It's implied his family is at least well off. He probably has a trust fund or something, like every other teenage suspect on SVU.
Also, Ariel is a genderless character in Shakespeare's The Tempest, who has been played by both men and women.
Elliot Stabler frequently bends or outright breaks the law to torture suspects (who more often than not turn out to be innocent and are often killed as a result of this), but for some reason the only thing that's brought up to internal affairs is the fact that he sometimes wishes rapists would die.
In the episode "Spectacle", the NYPD are lured into a false kidnapping case in order to facilitate finding the apparent perp's missing little brother. What is wrong with the brother that he can't just plead with the cops to go over his brother's case again, instead of say persuading the police to try and reopen the case?
They go over this in the episode. He did try to get the police to reopen the case, they just wouldn't bother.
What's more, he claimed to have gone to multiple precincts all throughout his adolescence. The fact that SVU found the younger brother after putting in some actual effort just goes to show that if other police tried harder, they might have been able to find Greg's brother a long time ago. Which is another problem of some cops. They just give up too quick.
In "Rockabye", why didn't Lauren just go to a different clinic? If she was that desperate, even after being told she had a fever, would she have really stopped at just the first clinic in the phone book?
The implication is that she believed that he was telling the truth (that she had a fever) and that other doctors would refuse to perform the procedure for the same reason. Also, she's fairly young and may have gotten mentally stuck on this one issue rather than parsing out the situation logically.
In "Parasites", the husband is stunned to learn that his wife is dead and that her twin sister has taken over. Fair enough, except. . .you didn't notice ANY changes in her? Her personality? Her domestic skills? Her bedroom skills? That she suddenly didn't know the names of friends, neighbors, etc.?
In "Risk," an infant dies after being fed liquid cocaine hidden in a liquid baby formula can. The baby's mother stole it from the couple she cleans for, who reportedly have a four-month-old baby themselves. Turns out the couple is smuggling cocaine across the border, using babies from the husband's corporate daycare as accessories to make it easier. But when the couple hands over the cans of formula, stored in their kitchen cabinet, for testing, only two of six were found to be cocaine. The rest were formula. Why keep them all in the same place? The techs couldn't tell until they removed the labels which ones had been tampered with, so why risk giving your client the wrong one? It's also not clear how long they keep the babies; the housekeeper was under the impression the latest one was theirs and the wife had been travelling with him several times over the past three weeks, so at least that long—why risk giving your product to the baby and a) now having less product and b) killing the baby?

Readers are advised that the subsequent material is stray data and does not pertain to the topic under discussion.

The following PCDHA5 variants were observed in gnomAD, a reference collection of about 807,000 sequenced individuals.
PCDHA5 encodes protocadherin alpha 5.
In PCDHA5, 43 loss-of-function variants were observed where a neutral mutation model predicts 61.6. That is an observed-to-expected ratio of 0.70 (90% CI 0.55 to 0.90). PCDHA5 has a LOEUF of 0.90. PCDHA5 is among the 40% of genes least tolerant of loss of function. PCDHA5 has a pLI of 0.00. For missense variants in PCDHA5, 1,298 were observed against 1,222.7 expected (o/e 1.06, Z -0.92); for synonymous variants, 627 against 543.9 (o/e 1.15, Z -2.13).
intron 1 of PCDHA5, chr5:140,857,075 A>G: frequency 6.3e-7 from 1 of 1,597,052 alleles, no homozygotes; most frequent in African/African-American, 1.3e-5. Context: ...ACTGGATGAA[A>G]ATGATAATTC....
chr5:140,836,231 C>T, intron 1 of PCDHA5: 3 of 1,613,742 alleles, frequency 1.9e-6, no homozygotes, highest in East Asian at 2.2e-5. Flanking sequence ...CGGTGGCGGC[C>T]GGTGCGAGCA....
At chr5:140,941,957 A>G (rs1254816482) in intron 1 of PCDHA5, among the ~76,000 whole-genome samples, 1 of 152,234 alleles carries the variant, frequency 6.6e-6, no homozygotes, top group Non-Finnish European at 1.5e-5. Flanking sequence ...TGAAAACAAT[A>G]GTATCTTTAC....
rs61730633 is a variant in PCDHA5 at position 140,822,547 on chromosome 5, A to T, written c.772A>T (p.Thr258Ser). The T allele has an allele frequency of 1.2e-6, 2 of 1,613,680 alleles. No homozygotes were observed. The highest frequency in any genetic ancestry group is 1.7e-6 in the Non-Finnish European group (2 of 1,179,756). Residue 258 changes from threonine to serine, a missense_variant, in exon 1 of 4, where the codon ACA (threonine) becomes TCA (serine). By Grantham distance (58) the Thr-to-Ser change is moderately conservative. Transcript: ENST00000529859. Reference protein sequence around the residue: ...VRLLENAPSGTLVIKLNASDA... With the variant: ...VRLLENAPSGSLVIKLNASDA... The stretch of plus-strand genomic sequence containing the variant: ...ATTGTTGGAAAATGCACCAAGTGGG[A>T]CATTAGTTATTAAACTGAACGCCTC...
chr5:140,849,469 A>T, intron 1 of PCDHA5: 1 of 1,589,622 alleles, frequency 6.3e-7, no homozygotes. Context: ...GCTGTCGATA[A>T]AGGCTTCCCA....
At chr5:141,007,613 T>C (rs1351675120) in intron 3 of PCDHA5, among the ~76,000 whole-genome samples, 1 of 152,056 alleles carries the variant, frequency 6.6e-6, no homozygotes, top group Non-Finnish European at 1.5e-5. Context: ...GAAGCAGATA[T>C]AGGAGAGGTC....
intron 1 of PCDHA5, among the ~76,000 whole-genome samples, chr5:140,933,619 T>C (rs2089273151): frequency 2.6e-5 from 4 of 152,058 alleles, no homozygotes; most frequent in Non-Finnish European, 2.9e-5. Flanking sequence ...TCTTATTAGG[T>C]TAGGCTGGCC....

The couple probably had some kind of system to tell them which was which (like "the ones on the left are real formula, the ones on the right are the product"), so they wouldn't have made the mistake, but the housekeeper did because she had no way of knowing that not all of the formula was safe. As for why they kept it all in the same general area, if they were having housekeepers and the like in, they probably wanted to avoid anything that could remotely make someone ask questions (or, worse, that a housekeeper would think it was a mistake and "put away" the supposed formula where there would be a possibility for confusion).
Also, when Olivia interviews the "mom", she indicates the police called her ahead of time, presumably to make sure she was warned as soon as possible. It's possible that they did keep the real and fake cans separate usually, but put them together specifically in anticipation of the cops' arrival so that it wouldn't look suspicious.